Ask an Attorney: Living Will and DNR - KMOT.COM - Minot, ND - News, Weather, Sports

Ask an Attorney: Living Will and DNR

Posted: Updated:

I Created a will and signed a will on what was a legal form for the state of North Dakota, and signed it before witnesses.  I am estranged from my mother, who is divorced from my father.  However, I have learned through relatives that she is against all my wishes for my living will, DNR, and wishes for final services.  Do I need a lawyer to do something to prevent her from taking charge and doing things I wouldn't want?

· Sad situation

· Misunderstanding, fairly common, about what a Will can and cannot do

· So although you and I have discussed similar issues before, wanted to do this segment to clarify again

 

So what are the things she wants that her Will can't do for her?

· I actually did e-mail this lady to get more facts and see what I could do to help

· Finances are a factor for her

· That's a very common concern, but especially for this lady, who lives on a disability payment

· In her question, she expressed living will, DNR, and desires for final services

· Will can't really help with those

 

Why not?

· What a Will does is to state how you want your property distributed

· And who you want handling that distribution

· It's a document that essentially begins operating with your death, and often, just in those two limited ways

· One additional concern here

 

What's that concern?

· In our later e-mail exchange, she made clear even further that she and her mother are so estranged that she wouldn't want her inheriting anything

 

So why is that a concern?  She said she had made a Will, correct?

· In our further e-mails, she confirmed that it was a form off the internet

· The form may actually do what she wants

· And it may be correctly witnessed

· But she's not law-trained

· A mistake by her in filling this form out could mean that her property isn't distributed the way she wants

· I recently saw a Will that left out the distribution paragraph entirely

· Makes the Will meaningless, really

· Or she might fill it out incorrectly, even if it's otherwise a good form

 

And if that distribution paragraph doesn't operate to do what she wants with her property, what happens?

· It passes by intestacy laws, as if she had no Will at all

· Her mother and father, from the exchange we had, would equally divide her estate in that situation

· That's not what she wants

· I haven't seen the Will; she said she would bring a copy in, but hasn't done so

· If she wants her mom left out, it's best to put in a specific paragraph disinheriting the mom, and giving at least a short statement of why she's left out

· But that still leaves this lady's major question

 

And what was that again?

· She has really specific wishes about no funeral, having a DNR, and a living will

· ND hasn't used living wills, as such, for some years now

· And she confirmed to me that she doesn't actually have one from back when they were being done

 

Okay, first, what does she mean by DNR?

· Again, from our later e-mail exchange, she simply means "do not resuscitate" if there's a medical event which resulted in brain death

· This is what the old living will form primarily discussed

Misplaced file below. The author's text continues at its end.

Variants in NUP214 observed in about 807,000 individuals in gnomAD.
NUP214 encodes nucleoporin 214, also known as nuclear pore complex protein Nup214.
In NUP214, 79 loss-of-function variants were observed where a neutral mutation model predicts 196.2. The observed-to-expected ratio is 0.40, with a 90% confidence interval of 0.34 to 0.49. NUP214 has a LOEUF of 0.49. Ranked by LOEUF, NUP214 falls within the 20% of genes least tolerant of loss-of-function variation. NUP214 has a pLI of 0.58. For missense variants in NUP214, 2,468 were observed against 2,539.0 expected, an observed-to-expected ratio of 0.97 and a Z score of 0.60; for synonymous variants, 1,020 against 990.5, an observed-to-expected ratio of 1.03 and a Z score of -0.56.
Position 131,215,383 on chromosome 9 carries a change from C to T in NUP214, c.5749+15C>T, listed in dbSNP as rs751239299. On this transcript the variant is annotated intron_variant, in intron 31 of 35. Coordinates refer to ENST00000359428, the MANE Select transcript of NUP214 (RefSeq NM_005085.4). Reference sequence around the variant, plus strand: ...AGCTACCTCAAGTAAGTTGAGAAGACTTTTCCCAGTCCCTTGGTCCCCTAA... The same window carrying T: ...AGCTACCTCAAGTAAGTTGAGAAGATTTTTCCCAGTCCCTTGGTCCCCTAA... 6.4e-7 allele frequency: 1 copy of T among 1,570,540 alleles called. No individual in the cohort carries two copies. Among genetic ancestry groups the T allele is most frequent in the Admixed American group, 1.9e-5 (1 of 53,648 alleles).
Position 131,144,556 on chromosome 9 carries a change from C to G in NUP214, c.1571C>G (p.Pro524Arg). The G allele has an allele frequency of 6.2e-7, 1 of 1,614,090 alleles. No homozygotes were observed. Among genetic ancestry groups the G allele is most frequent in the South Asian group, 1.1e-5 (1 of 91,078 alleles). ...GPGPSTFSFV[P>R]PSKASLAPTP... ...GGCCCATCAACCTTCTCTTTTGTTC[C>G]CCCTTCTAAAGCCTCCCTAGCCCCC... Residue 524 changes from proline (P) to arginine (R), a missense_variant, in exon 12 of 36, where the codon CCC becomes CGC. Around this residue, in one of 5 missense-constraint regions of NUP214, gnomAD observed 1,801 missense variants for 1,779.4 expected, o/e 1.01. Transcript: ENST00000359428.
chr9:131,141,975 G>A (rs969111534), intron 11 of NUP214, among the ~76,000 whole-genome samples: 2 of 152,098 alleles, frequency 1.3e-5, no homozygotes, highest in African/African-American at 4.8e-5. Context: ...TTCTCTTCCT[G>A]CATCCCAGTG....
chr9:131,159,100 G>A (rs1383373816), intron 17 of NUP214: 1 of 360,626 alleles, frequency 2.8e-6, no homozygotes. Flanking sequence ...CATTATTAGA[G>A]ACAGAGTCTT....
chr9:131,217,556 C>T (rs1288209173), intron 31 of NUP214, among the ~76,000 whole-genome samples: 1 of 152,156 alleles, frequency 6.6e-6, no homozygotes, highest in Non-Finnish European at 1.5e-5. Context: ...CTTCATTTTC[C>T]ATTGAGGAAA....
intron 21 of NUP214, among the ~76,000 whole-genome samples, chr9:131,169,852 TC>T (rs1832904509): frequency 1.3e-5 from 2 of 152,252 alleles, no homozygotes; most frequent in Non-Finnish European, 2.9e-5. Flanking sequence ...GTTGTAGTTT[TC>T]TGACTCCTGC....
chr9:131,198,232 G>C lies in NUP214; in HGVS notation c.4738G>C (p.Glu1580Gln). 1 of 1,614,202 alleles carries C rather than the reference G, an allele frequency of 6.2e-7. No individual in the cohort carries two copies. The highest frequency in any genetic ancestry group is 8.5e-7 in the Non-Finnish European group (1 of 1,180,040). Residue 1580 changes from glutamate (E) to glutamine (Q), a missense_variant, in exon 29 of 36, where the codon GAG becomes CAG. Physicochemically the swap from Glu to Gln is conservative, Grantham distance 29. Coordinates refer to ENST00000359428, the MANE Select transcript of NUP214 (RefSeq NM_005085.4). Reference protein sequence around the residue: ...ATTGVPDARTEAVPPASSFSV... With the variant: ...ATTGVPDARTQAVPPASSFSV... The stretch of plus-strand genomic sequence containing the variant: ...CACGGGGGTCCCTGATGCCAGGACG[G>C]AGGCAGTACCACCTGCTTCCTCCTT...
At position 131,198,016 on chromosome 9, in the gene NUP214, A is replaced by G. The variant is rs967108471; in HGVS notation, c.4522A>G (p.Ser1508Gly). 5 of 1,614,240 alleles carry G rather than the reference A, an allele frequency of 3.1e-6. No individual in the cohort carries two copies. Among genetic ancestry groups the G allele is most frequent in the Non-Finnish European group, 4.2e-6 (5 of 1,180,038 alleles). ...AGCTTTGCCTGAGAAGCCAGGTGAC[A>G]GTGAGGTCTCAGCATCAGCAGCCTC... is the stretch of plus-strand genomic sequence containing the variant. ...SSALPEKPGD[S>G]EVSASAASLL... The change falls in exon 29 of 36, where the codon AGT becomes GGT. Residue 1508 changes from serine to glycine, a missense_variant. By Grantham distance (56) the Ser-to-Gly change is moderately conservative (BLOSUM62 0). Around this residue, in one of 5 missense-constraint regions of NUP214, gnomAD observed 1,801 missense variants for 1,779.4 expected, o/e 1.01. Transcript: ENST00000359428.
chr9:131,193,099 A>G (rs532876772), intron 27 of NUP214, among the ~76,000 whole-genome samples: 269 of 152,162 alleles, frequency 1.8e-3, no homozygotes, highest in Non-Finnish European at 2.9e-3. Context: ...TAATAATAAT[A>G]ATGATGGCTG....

· And it's a big item in what I tend to discuss with my clients current when we do health care directives

· We've talked about those in past segments

· HCDs can do much more than DNR directives

 

And if she had one of those, would that help with what she says she wants? 

· Yes

· She can express all of those wishes in a Health Care Directive, and name an agent and alternate agent to carry out her wishes

· In this case, from the e-mails we sent back and forth, she wants to name her father as her first choice, and has another individual as her chosen alternate, to do those things

 

And why is this better than putting things in the Will?

· As I said up front, the Will really is intended just to direct the distribution of your property and who you want doing that distribution

· Not intended for problems that might arise as a result of incapacity during lifetime

· Certainly not intended to keep an estranged parent from having a say in your end of life medical care, if you're not well enough to sign your own consent

· That's what health care directives are for

· Also, from our e-mails it sounded as though she really doesn't have a "probate estate" as such

· If a Will isn't probated through the court, your wishes in that will would be carried out only if the person you named does it informally

· Also, Wills often aren't even opened until some time after your death, so wishes about burial versus cremation, for example, might not even be seen until way too late

 

How about just a power of attorney?  You've talked about those in the past.

· You can absolutely create a general POA

· And I recommended that she should – everybody should, really

· But for the specific things she talked about – cremation, DNR, for those sorts of things, the HCD is the document that would usually be used

· You can say exactly what you want done about those things, because the form was set up by the Legislature to invite you to state specifics on those points

· Again, intended for the situation where (1) you're not well enough to consent to your own care, and (2) for some immediate post-death wishes

 

Like what?

· Burial versus cremation

· No funeral

· Possible organ donation

· So this is why estate planning lawyers usually do an estate planning "package" that typically includes Wills, POAs, and HCDs

· Might be other documents too

· But those three ensure that you've done what you can to carry out your pre-death wishes and distributes your estate after you're gone
Powered by WorldNow
    Powered by WorldNow
    All content © Copyright 2000 - 2014 Worldnow and KMOT. All Rights Reserved. For more information on this site, please read our Privacy Policy and Terms of Service.